Thursday, October 21, 2004

Pixie Dust

Last night, at the end of the travel writing workshop at the FHL, one of the workshoppers (Kathy, who had also signed up three years ago at one of the first workshops I'd ever facilitated) treated us to a show of her fire spinning skills, which she'd learned during the extended stay in South Africa which she was preparing for the last time I saw her. It doesn't really sound like much if you describe it--two flaming balls of fuel-filled balls of Kevlar, being twirled on the ends of metal chains--and even Kathy says it took her only two weeks to learn. She offered to teach me for free.

Hm. Hmmm...

Okay, the truth is that fire spinning doesn't hold any particular thrills for me, and I don't really feel any compelling urge to take that up. But it did make me think about my landmark birthday coming up, and how I don't have any plans for it just yet. (So far, there are only two words on the Birthday Plans page in my notebook: "drink" and "unconsciousness.") Why not do something that frightens me? I think everyone should do something they're scared of once in a while--it's good for the soul.



And this relates to music how, you ask. Wait, I'm getting there. There's an interview on Salon with Charles Thompson of the Pixies, and it's the kind of interview that I dream about. It's also the kind of dream I wake up screaming from. I mean, here you have an interviewee from a band that you truly respect, and he has very strong opinions about music, and he's smart and articulate, and I'm really interested in what he has to say--but he also hates interviews and interviewers. "One thing that hasn't changed about Thompson is his interview style. He can be variously tangential, disengaged, ecstatic and bored," says writer Scott Thill in the introduction to his Q&A. Not to mention downright hostile.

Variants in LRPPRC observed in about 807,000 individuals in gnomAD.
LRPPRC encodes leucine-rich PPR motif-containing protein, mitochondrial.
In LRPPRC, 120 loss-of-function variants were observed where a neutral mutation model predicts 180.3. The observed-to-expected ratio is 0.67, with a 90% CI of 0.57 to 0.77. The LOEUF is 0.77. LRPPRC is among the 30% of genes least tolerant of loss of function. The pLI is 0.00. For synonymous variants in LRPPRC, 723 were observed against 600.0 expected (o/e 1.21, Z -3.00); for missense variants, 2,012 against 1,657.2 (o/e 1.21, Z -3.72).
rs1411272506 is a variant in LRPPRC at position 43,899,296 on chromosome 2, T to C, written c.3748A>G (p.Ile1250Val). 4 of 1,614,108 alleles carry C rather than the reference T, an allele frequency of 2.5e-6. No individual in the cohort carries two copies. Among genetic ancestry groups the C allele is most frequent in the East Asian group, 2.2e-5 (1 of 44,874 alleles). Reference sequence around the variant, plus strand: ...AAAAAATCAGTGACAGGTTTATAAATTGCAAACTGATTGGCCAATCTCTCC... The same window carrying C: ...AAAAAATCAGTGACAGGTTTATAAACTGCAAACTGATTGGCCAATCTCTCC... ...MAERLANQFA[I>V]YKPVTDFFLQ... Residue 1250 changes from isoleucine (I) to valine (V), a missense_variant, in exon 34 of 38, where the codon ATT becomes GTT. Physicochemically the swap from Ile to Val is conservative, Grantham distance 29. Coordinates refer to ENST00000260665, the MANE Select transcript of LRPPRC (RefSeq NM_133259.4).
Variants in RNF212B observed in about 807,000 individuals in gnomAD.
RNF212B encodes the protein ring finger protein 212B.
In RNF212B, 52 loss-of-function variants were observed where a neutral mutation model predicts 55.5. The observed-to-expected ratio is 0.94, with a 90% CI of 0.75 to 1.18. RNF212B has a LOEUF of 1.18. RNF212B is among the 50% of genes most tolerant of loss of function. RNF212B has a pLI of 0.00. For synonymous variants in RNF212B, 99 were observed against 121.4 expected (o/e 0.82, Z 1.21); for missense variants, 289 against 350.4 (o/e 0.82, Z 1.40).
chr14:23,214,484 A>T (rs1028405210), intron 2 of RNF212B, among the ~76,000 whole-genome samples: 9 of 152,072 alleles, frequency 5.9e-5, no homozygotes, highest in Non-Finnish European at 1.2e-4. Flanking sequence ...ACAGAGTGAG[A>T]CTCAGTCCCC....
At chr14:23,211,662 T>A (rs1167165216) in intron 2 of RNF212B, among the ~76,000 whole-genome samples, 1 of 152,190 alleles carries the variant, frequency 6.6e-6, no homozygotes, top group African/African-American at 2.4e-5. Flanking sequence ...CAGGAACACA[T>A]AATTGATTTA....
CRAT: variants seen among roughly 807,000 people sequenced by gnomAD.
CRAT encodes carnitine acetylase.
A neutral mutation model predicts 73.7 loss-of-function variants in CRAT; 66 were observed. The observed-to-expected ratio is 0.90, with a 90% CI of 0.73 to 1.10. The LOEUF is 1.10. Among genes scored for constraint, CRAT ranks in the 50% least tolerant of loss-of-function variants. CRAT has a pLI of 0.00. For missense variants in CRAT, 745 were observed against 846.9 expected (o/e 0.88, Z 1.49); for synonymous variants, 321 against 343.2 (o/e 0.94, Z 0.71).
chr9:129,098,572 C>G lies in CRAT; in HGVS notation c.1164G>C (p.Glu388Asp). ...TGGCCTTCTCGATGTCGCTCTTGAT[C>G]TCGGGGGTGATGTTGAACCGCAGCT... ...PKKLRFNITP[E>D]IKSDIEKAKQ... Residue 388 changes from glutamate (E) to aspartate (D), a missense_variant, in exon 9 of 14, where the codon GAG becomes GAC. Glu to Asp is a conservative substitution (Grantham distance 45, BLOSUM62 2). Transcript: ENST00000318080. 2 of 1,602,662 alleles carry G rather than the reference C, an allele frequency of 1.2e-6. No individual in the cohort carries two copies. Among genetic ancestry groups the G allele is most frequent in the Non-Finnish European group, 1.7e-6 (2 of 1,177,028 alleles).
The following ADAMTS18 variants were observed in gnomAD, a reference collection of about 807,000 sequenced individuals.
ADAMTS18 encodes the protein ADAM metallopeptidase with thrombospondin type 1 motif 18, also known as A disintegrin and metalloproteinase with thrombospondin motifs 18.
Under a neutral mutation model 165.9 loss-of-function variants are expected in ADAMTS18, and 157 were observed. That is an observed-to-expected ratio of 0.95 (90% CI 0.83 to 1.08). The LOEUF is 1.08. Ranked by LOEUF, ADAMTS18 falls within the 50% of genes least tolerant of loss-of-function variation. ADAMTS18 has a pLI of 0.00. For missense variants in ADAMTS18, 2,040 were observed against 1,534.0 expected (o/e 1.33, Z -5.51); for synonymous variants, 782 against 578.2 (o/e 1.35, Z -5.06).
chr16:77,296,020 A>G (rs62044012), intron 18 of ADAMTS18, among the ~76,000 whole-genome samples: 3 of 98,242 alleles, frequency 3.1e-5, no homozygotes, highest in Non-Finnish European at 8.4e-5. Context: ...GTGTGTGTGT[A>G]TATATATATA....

I feel so conflicted and confused reading this interview. When Thompson attacks music magazines for being gossipy, there's a part of me that wants to applaud, like, Yeah, give 'em hell, Charles! But then I remember that I also belong to the opposition. "I want to be Lou Reed and I want the writer to be Lester Bangs. Know what I mean?" Thompson says. "I want him to be so into it that he's arguing with me about the validity of a song I wrote. I don't care if it's insulting. I don't care if it's challenging or whatever." And I'm thinking, Yay! Lou Reed! Lester Bangs! . Just before it dawns on me that I'm never going to be Lester Bangs, and no matter how much of a Pixies fan I am or how mellow Charles Thomspon gets to be in his advancing years, he's going to hate me.

This was like the time they offered us a Garbage phoner, with either Shirley Manson or Butch Vig. I'm a really big fan of their music, but the thought of interviewing either of them scared me so much that I gave the phoner over to Bernie. It turned out to be Butch Vig (!), and he turned out to be a sweet, easy interviewee. To this day I envy Bernie for that interview, but I still don't know if I'd do it, given another chance.

Of course, 30th birthday fast coming up, there are but a few things I would say no to these days.